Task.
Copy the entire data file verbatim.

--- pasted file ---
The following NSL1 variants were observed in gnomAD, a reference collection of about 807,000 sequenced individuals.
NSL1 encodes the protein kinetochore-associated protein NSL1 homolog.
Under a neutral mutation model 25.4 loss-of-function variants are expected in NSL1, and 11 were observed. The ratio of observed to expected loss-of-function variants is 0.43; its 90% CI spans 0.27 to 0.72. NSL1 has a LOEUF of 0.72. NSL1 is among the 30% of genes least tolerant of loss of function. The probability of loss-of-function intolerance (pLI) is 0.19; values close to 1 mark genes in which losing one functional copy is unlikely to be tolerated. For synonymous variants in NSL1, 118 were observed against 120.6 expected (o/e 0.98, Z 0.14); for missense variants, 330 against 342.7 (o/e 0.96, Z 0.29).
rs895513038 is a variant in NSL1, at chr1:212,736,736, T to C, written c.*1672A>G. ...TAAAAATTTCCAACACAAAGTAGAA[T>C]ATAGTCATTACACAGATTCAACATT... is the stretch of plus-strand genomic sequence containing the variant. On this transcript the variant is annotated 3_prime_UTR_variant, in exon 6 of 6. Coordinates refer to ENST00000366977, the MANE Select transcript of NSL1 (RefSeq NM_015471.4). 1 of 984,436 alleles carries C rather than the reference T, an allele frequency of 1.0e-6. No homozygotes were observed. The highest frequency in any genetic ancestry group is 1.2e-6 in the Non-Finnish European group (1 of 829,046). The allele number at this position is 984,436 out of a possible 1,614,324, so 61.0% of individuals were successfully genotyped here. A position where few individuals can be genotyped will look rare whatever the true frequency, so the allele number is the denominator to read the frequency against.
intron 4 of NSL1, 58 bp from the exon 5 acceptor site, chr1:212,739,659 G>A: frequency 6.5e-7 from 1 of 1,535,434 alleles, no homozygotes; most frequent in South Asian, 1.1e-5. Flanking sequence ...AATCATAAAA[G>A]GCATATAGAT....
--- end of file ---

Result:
The following NSL1 variants were observed in gnomAD, a reference collection of about 807,000 sequenced individuals.
NSL1 encodes the protein kinetochore-associated protein NSL1 homolog.
Under a neutral mutation model 25.4 loss-of-function variants are expected in NSL1, and 11 were observed. The ratio of observed to expected loss-of-function variants is 0.43; its 90% CI spans 0.27 to 0.72. NSL1 has a LOEUF of 0.72. NSL1 is among the 30% of genes least tolerant of loss of function. The probability of loss-of-function intolerance (pLI) is 0.19; values close to 1 mark genes in which losing one functional copy is unlikely to be tolerated. For synonymous variants in NSL1, 118 were observed against 120.6 expected (o/e 0.98, Z 0.14); for missense variants, 330 against 342.7 (o/e 0.96, Z 0.29).
rs895513038 is a variant in NSL1, at chr1:212,736,736, T to C, written c.*1672A>G. ...TAAAAATTTCCAACACAAAGTAGAA[T>C]ATAGTCATTACACAGATTCAACATT... is the stretch of plus-strand genomic sequence containing the variant. On this transcript the variant is annotated 3_prime_UTR_variant, in exon 6 of 6. Coordinates refer to ENST00000366977, the MANE Select transcript of NSL1 (RefSeq NM_015471.4). 1 of 984,436 alleles carries C rather than the reference T, an allele frequency of 1.0e-6. No homozygotes were observed. The highest frequency in any genetic ancestry group is 1.2e-6 in the Non-Finnish European group (1 of 829,046). The allele number at this position is 984,436 out of a possible 1,614,324, so 61.0% of individuals were successfully genotyped here. A position where few individuals can be genotyped will look rare whatever the true frequency, so the allele number is the denominator to read the frequency against.
intron 4 of NSL1, 58 bp from the exon 5 acceptor site, chr1:212,739,659 G>A: frequency 6.5e-7 from 1 of 1,535,434 alleles, no homozygotes; most frequent in South Asian, 1.1e-5. Flanking sequence ...AATCATAAAA[G>A]GCATATAGAT....